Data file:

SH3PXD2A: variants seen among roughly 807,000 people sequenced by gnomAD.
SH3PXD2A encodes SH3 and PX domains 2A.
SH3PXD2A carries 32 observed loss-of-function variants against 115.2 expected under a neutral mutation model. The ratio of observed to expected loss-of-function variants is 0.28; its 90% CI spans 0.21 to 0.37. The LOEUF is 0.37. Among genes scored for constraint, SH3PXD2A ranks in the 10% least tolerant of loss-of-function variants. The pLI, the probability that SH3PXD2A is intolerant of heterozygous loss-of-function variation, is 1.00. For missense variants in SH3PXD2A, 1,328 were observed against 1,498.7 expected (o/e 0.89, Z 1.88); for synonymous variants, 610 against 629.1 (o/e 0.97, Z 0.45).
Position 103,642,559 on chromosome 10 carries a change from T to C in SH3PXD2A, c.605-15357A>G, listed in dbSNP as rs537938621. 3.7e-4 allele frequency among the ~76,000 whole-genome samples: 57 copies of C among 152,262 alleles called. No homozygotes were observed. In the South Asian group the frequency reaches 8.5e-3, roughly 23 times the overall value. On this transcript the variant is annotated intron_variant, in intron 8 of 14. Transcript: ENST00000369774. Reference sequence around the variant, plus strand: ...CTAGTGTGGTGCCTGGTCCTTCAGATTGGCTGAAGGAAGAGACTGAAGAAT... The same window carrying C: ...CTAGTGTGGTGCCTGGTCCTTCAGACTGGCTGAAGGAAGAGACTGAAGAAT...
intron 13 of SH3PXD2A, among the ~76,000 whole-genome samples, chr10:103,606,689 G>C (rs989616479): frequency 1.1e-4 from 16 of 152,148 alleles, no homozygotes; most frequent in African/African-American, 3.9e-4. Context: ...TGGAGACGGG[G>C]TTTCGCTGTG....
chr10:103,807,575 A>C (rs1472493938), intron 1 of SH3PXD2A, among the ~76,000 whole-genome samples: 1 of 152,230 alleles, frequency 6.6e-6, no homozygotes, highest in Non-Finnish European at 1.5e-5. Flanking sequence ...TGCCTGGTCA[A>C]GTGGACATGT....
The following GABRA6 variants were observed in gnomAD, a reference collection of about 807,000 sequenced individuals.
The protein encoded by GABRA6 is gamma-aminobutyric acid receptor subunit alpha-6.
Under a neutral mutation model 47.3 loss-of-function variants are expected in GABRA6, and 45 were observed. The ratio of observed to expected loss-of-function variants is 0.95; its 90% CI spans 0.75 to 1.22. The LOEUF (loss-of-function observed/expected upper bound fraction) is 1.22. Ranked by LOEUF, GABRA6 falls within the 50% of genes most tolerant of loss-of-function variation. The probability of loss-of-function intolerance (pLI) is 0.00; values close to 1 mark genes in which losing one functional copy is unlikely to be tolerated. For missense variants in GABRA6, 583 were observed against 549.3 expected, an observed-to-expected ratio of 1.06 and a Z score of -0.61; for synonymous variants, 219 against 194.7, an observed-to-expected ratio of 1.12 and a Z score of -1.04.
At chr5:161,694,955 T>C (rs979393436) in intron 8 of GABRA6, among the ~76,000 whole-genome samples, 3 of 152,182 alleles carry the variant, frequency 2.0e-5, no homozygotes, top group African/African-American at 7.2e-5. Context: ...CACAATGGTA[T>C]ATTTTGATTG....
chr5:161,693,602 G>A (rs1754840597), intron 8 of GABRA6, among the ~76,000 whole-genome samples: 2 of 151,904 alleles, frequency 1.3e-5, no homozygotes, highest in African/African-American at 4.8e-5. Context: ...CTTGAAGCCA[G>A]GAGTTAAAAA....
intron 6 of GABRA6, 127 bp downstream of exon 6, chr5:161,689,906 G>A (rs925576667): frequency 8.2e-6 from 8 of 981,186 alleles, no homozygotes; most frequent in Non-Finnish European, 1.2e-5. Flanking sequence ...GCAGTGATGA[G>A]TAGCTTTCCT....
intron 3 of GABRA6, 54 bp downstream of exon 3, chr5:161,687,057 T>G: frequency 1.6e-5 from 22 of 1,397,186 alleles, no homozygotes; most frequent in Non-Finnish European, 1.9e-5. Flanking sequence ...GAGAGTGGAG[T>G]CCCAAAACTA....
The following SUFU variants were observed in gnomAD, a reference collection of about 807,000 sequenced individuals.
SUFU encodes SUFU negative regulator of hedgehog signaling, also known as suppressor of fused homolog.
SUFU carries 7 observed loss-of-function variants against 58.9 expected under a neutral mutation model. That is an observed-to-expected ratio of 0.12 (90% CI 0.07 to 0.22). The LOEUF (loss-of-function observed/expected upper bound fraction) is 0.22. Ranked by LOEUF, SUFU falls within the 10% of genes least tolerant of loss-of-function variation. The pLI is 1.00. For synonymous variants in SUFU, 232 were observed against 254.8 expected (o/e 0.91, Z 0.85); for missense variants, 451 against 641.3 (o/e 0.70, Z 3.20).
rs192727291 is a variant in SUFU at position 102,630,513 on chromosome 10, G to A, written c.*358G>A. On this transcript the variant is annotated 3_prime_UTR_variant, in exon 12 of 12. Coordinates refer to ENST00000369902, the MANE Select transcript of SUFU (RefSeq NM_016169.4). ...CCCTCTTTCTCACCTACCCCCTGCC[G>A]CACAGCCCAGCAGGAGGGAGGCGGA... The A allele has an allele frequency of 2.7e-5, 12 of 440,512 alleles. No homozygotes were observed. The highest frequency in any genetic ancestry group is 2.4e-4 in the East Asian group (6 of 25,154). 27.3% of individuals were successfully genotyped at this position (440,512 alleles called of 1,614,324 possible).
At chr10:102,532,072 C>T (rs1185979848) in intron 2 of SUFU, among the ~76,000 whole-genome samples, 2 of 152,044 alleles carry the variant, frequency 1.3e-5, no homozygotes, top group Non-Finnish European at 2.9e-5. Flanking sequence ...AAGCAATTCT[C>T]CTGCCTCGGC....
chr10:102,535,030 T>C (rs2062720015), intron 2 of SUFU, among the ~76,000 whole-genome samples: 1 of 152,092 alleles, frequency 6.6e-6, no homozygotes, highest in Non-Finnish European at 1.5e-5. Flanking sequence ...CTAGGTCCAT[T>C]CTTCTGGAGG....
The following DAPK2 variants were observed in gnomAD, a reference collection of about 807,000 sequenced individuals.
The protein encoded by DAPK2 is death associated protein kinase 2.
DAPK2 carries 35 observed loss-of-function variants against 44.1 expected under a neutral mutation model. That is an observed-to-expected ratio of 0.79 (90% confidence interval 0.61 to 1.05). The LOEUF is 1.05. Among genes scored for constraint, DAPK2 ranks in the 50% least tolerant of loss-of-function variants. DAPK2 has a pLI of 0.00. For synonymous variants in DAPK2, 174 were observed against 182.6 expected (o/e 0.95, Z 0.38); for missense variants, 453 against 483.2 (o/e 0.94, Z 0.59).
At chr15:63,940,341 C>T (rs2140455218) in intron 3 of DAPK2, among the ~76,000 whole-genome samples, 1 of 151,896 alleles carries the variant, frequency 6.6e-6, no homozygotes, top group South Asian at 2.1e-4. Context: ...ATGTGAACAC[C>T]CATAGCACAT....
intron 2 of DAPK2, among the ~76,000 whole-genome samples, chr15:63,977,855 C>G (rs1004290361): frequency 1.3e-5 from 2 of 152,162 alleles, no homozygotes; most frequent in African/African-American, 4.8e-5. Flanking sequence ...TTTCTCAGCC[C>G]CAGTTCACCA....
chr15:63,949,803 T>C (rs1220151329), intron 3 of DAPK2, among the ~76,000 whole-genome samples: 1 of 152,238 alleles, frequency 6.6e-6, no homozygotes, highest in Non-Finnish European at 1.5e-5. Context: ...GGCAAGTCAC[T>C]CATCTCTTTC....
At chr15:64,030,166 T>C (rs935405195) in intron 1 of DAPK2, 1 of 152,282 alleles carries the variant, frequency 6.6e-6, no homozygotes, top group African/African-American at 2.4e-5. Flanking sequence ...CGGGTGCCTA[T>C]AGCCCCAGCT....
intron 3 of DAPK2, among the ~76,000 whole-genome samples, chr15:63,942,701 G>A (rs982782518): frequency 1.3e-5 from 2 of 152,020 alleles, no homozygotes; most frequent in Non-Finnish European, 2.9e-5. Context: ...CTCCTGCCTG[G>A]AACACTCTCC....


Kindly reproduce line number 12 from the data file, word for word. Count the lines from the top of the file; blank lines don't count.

intron 6 of GABRA6, 127 bp downstream of exon 6, chr5:161,689,906 G>A (rs925576667): frequency 8.2e-6 from 8 of 981,186 alleles, no homozygotes; most frequent in Non-Finnish European, 1.2e-5. Flanking sequence ...GCAGTGATGA[G>A]TAGCTTTCCT....